Bryson DeChambeau says he wants to get even BIGGER for the Masters

Bryson DeChambeau

Bryson DeChambeau hits his drive on the 2nd hole at Winged Foot Golf Club on Sunday.

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Bigger. 

Bryson DeChambeau played the U.S. Open at Winged Foot Golf Club last week at 6-foot-1 and somewhere between 230 and 235 pounds. “Depending on if I’ve eaten steak or not,” he said. He popped his drives at an average of 325.6 yards per, sixth in the field. He was the only player to finish under par for the week, and he won by six shots for his first major championship. 

Big size. Big drives. Big victory. Not big enough. 

He said Sunday after his victory that he wants to play the Masters, from Nov. 12-15, 10 to 15 pounds heavier. At the high end of that, he wants to put on about a quarter-pound a day over the next 52 days. After putting on about 40 over the past year.   

Bigger. 

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“I think I can get to 245,” DeChambeau said. “It’s going to be a lot of working out. I don’t think it’s possible – it may be, I don’t know. It’s just I’ve gained so much so quickly in a year. They always say, when you work out, you gain your 30 pounds or whatever it is, and then after that, each year, you half it. So you can go 15. If you keep working out every day, you keep halving it. And then eventually there comes a point where you can’t gain much more. But I still feel like I can get up there if you work hard enough.”

He’s added the weight to add distance. And he’s added distance to add wins. 

DeChambeau averaged a PGA Tour-best 322.1 yards per drive during the recently ended season. The season before, he averaged 302.5, tied for 34th on Tour. In the two majors played over the past year, the PGA Championship last month and the U.S. Open, he’s finished tied for 4th and 1st, his second-highest and, obviously, his highest finishes as a pro.

The Masters is the next major. His finishes there are 29th (last year), 38th (2018) and 21st (2016).

“Well, length is going to be a big advantage there,” DeChambeau said. “I know that for a fact. It’s always an advantage pretty much anywhere.”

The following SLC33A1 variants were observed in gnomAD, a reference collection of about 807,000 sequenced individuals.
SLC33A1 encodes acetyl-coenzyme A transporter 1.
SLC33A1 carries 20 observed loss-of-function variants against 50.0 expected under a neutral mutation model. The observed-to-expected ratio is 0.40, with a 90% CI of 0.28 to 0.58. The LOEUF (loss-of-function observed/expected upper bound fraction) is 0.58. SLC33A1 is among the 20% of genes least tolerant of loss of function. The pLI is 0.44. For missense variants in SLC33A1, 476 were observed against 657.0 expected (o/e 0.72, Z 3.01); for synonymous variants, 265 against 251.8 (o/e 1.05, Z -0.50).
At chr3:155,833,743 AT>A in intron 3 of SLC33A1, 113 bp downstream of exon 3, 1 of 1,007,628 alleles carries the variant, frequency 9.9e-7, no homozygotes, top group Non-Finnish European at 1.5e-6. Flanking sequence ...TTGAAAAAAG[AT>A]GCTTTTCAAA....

Added size should also help against any club subtraction. 

In early February, the United States Golf Association and the R&A released the Distance Insights Report, a summary of what they believe to be golf’s distance problem. The report suggested that increased hitting distances are hurting the game, and while it did not give specific solutions, it did suggest such things as the potential for new conformance tests for clubs and balls, and a local rule that would allow courses to require limited-flight equipment. 

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But it’s tough to rein in athleticism, DeChambeau said. 

“We’re always going to be trying to get fitter, stronger, more athletic, and Tiger inspired this whole generation to do this, and we’re going to keep going after it,” he said. “I don’t think it’s going to stop. Will they rein it back? I’m sure. I’m sure something might happen. But I don’t know what it will be. I just know that length is always going to be an advantage.”

A few minutes later, the press conference was over. A little while later, he ate dinner. Filet, medium, salt and pepper, with a side of crispy potatoes, along with a slice of pizza from Mamaroneck’s Sal’s, according to our Dylan Dethier.

Bigger had already begun. 

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Nick Piastowski

Golf.com Editor